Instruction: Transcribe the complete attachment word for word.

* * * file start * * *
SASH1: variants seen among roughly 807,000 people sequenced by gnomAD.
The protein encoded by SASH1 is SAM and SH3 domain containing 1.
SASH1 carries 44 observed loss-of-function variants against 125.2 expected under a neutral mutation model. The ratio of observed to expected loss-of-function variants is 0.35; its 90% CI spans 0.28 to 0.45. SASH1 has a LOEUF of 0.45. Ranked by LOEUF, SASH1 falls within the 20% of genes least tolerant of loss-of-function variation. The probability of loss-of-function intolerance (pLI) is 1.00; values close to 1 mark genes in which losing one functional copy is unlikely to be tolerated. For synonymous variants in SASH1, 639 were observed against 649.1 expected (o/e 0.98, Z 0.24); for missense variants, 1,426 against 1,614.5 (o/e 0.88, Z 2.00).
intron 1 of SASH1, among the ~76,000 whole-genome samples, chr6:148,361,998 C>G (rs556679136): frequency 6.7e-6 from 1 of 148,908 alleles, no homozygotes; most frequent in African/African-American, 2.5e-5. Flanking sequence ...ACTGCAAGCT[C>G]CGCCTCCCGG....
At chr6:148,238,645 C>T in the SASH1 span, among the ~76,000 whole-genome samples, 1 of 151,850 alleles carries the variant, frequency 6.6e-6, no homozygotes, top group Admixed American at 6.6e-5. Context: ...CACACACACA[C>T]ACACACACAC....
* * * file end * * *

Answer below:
SASH1: variants seen among roughly 807,000 people sequenced by gnomAD.
The protein encoded by SASH1 is SAM and SH3 domain containing 1.
SASH1 carries 44 observed loss-of-function variants against 125.2 expected under a neutral mutation model. The ratio of observed to expected loss-of-function variants is 0.35; its 90% CI spans 0.28 to 0.45. SASH1 has a LOEUF of 0.45. Ranked by LOEUF, SASH1 falls within the 20% of genes least tolerant of loss-of-function variation. The probability of loss-of-function intolerance (pLI) is 1.00; values close to 1 mark genes in which losing one functional copy is unlikely to be tolerated. For synonymous variants in SASH1, 639 were observed against 649.1 expected (o/e 0.98, Z 0.24); for missense variants, 1,426 against 1,614.5 (o/e 0.88, Z 2.00).
intron 1 of SASH1, among the ~76,000 whole-genome samples, chr6:148,361,998 C>G (rs556679136): frequency 6.7e-6 from 1 of 148,908 alleles, no homozygotes; most frequent in African/African-American, 2.5e-5. Flanking sequence ...ACTGCAAGCT[C>G]CGCCTCCCGG....
At chr6:148,238,645 C>T in the SASH1 span, among the ~76,000 whole-genome samples, 1 of 151,850 alleles carries the variant, frequency 6.6e-6, no homozygotes, top group Admixed American at 6.6e-5. Context: ...CACACACACA[C>T]ACACACACAC....